Good Zeal

Missing misnomers

Our renovation project still has a ways to go, but already I am beginning to miss the misnomers, the informal, descriptive monikers for various rooms and spaces that over time have lost their relationship to the current use of the space. After the renovation, when some of these spaces are no more, I will miss not only the rooms, but the misnomers.

We have, for instance, a cookie room – which is actually a closet, not a room, and there are no cookies. (I have looked!) The name harkens back to decades ago when Sr. Mary Ann was the baker and she stored the fruit of her efforts in the tiny, shelf-lined closet/room that became known as the cookie room. The space has held paper goods for years now, but the original moniker stuck like a cookie to an ungreased pan, and if you ask a Sister today where to find a roll of paper towels or a stack of paper plates, she will reply, “the cookie room,” as if it makes perfect sense. And to us, it somehow does.

We also have a flower room that routinely sees plenty of use for lots of things – but none of them have anything to do with flowers. And there is the Blue Room, one of our Retreat Center meeting rooms. In no living Sister’s memory has this room ever been blue, but the original coat of paint has flowed through the decades like a river of remembrance.

And then there’s the peeling porch, which is neither a porch, nor has it been peeled upon in ages. But once upon a time – and for a very long time – it was the place where Sisters gathered to peel, slice, and dice whatever they were having for dinner that night. The peeling now takes place in the kitchen, but our tray of paring knives is still stored on the peeling porch, as if in homage.

Most rooms at the monastery have names that make logical or intuitive sense, or that have changed as the room usage has changed. But the ‘misnomers’ have a favored place in monastery lingo. Far from simply being quirky linguistic relics, they speak to the vibrant life that has unfolded day by day and year by year here on this good ground.

St. Benedict roots the monastic search for God in the ordinary soil of daily life. Through such ordinary activities and concerns as vegetables, flowers, and the fruit of the baker’s oven, we monastics travel together in our search for God, learning to love, learning to live. Perhaps it is no accident that the names that could not be shaken have to do with such fundamental human concerns as food and flowers, the fruit of the earth, the gift of color.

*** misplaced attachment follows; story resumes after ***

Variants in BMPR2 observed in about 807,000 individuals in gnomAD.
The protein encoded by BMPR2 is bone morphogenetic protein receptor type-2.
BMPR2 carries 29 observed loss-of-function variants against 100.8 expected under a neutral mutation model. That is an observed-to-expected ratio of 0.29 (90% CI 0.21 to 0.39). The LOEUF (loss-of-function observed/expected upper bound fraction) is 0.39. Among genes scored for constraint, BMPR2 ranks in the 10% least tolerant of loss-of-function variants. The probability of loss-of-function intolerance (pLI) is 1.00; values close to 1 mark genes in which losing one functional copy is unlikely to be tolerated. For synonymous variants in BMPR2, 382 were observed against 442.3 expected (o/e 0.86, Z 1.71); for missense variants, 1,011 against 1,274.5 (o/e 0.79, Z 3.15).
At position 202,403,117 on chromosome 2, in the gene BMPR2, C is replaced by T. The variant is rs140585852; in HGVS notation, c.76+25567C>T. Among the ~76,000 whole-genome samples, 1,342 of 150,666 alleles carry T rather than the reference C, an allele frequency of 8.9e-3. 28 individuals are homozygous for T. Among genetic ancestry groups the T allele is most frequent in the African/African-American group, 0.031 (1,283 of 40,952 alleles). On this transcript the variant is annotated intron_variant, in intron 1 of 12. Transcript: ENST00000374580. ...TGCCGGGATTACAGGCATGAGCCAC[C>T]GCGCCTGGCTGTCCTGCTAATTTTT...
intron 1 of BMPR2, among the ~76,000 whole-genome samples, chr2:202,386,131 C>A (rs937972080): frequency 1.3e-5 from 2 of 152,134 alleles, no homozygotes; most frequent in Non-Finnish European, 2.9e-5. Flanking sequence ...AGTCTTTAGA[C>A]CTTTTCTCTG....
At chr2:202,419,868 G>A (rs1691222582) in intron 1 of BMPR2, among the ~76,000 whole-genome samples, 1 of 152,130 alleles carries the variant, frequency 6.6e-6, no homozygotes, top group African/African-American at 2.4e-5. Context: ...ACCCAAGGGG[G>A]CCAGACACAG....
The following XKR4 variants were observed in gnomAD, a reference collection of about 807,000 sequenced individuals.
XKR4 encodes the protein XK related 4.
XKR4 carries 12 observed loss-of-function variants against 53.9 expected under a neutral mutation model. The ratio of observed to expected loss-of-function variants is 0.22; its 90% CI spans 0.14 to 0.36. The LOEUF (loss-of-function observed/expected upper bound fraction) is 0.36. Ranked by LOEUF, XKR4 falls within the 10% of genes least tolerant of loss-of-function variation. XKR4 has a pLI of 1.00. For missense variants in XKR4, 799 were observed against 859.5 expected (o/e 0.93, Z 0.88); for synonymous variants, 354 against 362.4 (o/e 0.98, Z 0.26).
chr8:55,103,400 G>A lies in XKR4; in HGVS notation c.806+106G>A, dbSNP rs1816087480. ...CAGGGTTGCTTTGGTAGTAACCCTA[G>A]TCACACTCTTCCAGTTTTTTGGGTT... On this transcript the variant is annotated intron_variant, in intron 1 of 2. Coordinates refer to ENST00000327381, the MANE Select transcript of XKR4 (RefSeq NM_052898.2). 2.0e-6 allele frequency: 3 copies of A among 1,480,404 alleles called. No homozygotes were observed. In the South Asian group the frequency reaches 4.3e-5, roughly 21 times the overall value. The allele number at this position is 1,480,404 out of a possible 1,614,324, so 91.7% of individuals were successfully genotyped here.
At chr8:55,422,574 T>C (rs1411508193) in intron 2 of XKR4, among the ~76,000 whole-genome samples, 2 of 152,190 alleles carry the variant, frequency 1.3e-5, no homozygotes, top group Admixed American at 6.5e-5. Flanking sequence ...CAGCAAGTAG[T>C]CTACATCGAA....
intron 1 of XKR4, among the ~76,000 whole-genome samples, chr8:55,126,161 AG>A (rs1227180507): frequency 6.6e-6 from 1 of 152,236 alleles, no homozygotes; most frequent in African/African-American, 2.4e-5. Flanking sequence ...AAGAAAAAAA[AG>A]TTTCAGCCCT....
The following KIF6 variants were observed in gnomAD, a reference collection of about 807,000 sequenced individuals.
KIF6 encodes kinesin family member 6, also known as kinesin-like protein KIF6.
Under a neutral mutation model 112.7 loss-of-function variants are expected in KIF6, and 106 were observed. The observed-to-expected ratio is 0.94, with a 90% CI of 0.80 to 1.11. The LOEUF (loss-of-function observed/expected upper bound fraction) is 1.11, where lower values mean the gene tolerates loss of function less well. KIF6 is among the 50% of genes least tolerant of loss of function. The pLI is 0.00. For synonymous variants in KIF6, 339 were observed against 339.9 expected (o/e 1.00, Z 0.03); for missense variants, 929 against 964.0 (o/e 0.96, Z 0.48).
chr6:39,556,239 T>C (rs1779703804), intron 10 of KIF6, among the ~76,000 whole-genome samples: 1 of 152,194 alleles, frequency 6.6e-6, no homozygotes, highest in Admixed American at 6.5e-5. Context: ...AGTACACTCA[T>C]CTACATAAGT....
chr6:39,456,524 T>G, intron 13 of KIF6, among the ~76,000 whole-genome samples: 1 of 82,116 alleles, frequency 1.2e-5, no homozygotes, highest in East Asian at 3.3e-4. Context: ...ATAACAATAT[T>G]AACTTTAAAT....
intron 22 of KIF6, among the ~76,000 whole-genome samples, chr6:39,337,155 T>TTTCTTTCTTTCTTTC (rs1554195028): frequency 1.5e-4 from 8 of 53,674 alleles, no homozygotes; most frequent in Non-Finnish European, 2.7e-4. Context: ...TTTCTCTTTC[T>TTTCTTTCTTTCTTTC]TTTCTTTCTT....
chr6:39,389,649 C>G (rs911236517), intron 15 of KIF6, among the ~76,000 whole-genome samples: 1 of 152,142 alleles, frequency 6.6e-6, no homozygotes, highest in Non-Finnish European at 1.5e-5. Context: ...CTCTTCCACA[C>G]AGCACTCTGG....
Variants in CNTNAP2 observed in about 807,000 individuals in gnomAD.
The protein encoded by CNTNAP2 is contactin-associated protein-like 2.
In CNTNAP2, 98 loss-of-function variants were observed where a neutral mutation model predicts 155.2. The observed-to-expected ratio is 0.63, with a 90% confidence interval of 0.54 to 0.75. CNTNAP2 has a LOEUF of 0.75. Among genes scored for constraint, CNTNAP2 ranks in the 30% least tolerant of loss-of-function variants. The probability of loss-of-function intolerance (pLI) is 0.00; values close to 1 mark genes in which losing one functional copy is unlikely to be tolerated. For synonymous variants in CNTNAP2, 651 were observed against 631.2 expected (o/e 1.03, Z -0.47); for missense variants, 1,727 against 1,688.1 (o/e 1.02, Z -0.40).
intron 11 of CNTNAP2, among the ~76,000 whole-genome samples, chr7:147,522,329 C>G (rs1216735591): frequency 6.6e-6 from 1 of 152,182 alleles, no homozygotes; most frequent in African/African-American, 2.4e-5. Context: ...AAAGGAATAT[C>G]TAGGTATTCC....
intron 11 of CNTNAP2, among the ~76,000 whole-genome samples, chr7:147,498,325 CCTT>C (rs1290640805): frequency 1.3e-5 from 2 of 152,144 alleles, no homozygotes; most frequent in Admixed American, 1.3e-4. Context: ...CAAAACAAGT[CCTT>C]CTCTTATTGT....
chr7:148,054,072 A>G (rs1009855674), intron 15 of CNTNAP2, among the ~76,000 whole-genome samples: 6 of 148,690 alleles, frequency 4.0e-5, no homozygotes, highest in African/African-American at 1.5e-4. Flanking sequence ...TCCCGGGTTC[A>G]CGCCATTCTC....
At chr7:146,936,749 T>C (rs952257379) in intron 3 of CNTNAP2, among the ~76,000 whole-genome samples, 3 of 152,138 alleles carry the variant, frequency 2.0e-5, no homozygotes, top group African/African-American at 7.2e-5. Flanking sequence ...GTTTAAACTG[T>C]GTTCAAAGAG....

These names also keep the spirit of our early Sisters alive in our memories. To us younger Sisters, Sr. Mary Ann is not the name of a Sister in the cemetery or in the archives, she is the baker who kept fresh breads, cakes, and cookies at the ready and safely stored. The flower room calls to mind stories of Sisters Placida and Martina who used to arrange flowers in the room’s deep double sink. And the peeling porch brings a mental image of generations of Sisters who sat around a stainless steel table surrounded by pans of vegetables and a tray of paring knives. Through the cookie room, the flower room, the peeling porch, and other such monikers, the active memory of our foremothers lives on.

Perhaps these names are not misnomers after all. Perhaps they are signs – signs of life, love, family, and home…and carriers of memory.

Postscript: This past week, Sr. Therese and I were preparing to revise a Retreat Center form to include the five new private retreatant rooms that the renovation will soon impart to us. But we were stumped as to how to list them. As Sr. Therese simply put it, “We don’t know yet what we’re going to call them.” And that settled that. The form revision will wait until the rooms have a name.

Sr. Therese’s statement pointed to the power of names. They help make and form the reality around us. But her comment also made me look forward to the new monikers – both formal and informal – that are soon to come. Through them we will make continue to make a monastic home here at Sacred Heart, with names that over time will become signs of our life together and carriers of memory. Perhaps some of them will even become beloved misnomers.

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